Release Highlights for scikit-learn 0.24#

We are pleased to announce the release of scikit-learn 0.24! Many bug fixes and improvements were added, as well as some new key features. We detail below a few of the major features of this release. For an exhaustive list of all the changes, please refer to the release notes.

To install the latest version (with pip):

pip install --upgrade scikit-learn

or with conda:

conda install -c conda-forge scikit-learn

Successive Halving estimators for tuning hyper-parameters#

Successive Halving, a state of the art method, is now available to explore the space of the parameters and identify their best combination. HalvingGridSearchCV and HalvingRandomSearchCV can be used as drop-in replacement for GridSearchCV and RandomizedSearchCV. Successive Halving is an iterative selection process illustrated in the figure below. The first iteration is run with a small amount of resources, where the resource typically corresponds to the number of training samples, but can also be an arbitrary integer parameter such as n_estimators in a random forest. Only a subset of the parameter candidates are selected for the next iteration, which will be run with an increasing amount of allocated resources. Only a subset of candidates will last until the end of the iteration process, and the best parameter candidate is the one that has the highest score on the last iteration.

Read more in the User Guide (note: the Successive Halving estimators are still experimental).

import numpy as np
from scipy.stats import randint
from sklearn.experimental import enable_halving_search_cv  # noqa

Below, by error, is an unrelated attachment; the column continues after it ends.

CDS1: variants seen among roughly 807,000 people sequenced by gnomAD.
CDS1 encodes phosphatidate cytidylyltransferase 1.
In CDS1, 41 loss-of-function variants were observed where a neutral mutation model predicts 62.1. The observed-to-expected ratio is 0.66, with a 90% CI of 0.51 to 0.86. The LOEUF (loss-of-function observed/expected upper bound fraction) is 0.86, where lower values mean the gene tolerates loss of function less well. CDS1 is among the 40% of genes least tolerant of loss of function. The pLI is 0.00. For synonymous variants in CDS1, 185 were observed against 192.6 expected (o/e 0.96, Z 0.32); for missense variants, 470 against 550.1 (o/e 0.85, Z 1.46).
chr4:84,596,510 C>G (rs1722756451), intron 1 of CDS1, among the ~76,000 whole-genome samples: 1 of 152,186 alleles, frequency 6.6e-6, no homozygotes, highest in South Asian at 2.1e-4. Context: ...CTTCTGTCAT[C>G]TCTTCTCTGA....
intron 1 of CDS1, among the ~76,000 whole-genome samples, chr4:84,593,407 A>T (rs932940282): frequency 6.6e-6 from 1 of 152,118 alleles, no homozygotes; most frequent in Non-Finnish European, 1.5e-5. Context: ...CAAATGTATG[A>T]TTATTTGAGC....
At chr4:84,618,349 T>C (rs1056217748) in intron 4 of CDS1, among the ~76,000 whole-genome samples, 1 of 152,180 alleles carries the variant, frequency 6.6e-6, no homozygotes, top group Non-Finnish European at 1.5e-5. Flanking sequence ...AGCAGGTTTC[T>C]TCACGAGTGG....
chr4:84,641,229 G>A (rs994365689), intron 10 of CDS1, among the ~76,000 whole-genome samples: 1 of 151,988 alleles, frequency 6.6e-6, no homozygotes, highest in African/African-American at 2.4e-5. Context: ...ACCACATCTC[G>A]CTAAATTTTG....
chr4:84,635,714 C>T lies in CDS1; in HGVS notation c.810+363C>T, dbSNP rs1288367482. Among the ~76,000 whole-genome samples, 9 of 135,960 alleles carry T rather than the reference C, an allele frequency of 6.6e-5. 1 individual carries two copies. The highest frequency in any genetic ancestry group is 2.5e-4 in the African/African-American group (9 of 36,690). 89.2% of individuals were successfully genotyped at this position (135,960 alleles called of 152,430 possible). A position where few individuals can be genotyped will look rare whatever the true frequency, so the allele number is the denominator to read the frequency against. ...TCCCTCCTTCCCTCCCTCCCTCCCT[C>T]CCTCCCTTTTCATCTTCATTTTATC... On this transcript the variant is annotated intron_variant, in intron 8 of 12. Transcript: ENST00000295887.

from sklearn.model_selection import HalvingRandomSearchCV
from sklearn.ensemble import RandomForestClassifier
from sklearn.datasets import make_classification

rng = np.random.RandomState(0)

X, y = make_classification(n_samples=700, random_state=rng)

clf = RandomForestClassifier(n_estimators=10, random_state=rng)

param_dist = {
    "max_depth": [3, None],
    "max_features": randint(1, 11),
    "min_samples_split": randint(2, 11),
    "bootstrap": [True, False],
    "criterion": ["gini", "entropy"],

rsh = HalvingRandomSearchCV(
    estimator=clf, param_distributions=param_dist, factor=2, random_state=rng
), y)
{'bootstrap': True, 'criterion': 'gini', 'max_depth': None, 'max_features': 10, 'min_samples_split': 10}

Native support for categorical features in HistGradientBoosting estimators#

HistGradientBoostingClassifier and HistGradientBoostingRegressor now have native support for categorical features: they can consider splits on non-ordered, categorical data. Read more in the User Guide.


The plot shows that the new native support for categorical features leads to fitting times that are comparable to models where the categories are treated as ordered quantities, i.e. simply ordinal-encoded. Native support is also more expressive than both one-hot encoding and ordinal encoding. However, to use the new categorical_features parameter, it is still required to preprocess the data within a pipeline as demonstrated in this example.

Improved performances of HistGradientBoosting estimators#

The memory footprint of ensemble.HistGradientBoostingRegressor and ensemble.HistGradientBoostingClassifier has been significantly improved during calls to fit. In addition, histogram initialization is now done in parallel which results in slight speed improvements. See more in the Benchmark page.

New self-training meta-estimator#

A new self-training implementation, based on Yarowski’s algorithm can now be used with any classifier that implements predict_proba. The sub-classifier will behave as a semi-supervised classifier, allowing it to learn from unlabeled data. Read more in the User guide.

import numpy as np
from sklearn import datasets
from sklearn.semi_supervised import SelfTrainingClassifier
from sklearn.svm import SVC

rng = np.random.RandomState(42)
iris = datasets.load_iris()
random_unlabeled_points = rng.rand([0]) < 0.3[random_unlabeled_points] = -1
svc = SVC(probability=True, gamma="auto")
self_training_model = SelfTrainingClassifier(svc),
SelfTrainingClassifier(base_estimator=SVC(gamma='auto', probability=True))